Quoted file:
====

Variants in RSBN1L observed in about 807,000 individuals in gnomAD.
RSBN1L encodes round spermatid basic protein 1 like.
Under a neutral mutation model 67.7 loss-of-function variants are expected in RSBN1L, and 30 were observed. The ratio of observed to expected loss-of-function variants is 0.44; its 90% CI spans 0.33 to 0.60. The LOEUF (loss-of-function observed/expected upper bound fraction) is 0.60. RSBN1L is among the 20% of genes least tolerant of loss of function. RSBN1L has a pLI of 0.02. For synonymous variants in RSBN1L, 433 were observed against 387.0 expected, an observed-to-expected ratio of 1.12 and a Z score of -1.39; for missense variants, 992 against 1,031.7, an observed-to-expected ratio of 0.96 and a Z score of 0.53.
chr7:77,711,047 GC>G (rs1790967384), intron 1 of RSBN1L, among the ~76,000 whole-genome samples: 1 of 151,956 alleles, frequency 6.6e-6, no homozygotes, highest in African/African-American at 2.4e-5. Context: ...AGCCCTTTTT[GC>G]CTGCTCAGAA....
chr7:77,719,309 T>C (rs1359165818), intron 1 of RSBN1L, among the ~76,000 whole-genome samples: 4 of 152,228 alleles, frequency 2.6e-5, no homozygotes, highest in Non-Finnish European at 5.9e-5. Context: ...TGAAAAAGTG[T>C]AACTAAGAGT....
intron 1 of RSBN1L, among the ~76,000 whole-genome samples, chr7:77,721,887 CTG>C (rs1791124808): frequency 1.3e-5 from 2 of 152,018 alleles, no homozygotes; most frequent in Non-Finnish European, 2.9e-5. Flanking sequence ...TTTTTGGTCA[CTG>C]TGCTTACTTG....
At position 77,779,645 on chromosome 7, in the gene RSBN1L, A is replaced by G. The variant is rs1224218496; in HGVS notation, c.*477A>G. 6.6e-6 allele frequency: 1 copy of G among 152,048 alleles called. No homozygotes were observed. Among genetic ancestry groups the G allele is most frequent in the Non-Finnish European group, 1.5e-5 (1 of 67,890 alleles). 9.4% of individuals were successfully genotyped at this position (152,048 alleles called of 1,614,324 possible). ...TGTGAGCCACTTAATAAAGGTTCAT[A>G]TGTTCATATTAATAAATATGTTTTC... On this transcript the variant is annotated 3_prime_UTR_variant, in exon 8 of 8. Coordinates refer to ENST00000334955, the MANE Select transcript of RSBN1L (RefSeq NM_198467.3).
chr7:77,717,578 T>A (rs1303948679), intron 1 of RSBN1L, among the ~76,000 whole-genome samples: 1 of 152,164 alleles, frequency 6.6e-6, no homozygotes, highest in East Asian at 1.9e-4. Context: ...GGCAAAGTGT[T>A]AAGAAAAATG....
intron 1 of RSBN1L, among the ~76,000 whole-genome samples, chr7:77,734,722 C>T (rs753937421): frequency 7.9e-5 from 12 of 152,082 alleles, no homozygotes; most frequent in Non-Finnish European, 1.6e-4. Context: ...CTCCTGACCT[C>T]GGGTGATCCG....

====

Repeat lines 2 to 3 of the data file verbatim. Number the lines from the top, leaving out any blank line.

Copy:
RSBN1L encodes round spermatid basic protein 1 like.
Under a neutral mutation model 67.7 loss-of-function variants are expected in RSBN1L, and 30 were observed. The ratio of observed to expected loss-of-function variants is 0.44; its 90% CI spans 0.33 to 0.60. The LOEUF (loss-of-function observed/expected upper bound fraction) is 0.60. RSBN1L is among the 20% of genes least tolerant of loss of function. RSBN1L has a pLI of 0.02. For synonymous variants in RSBN1L, 433 were observed against 387.0 expected, an observed-to-expected ratio of 1.12 and a Z score of -1.39; for missense variants, 992 against 1,031.7, an observed-to-expected ratio of 0.96 and a Z score of 0.53.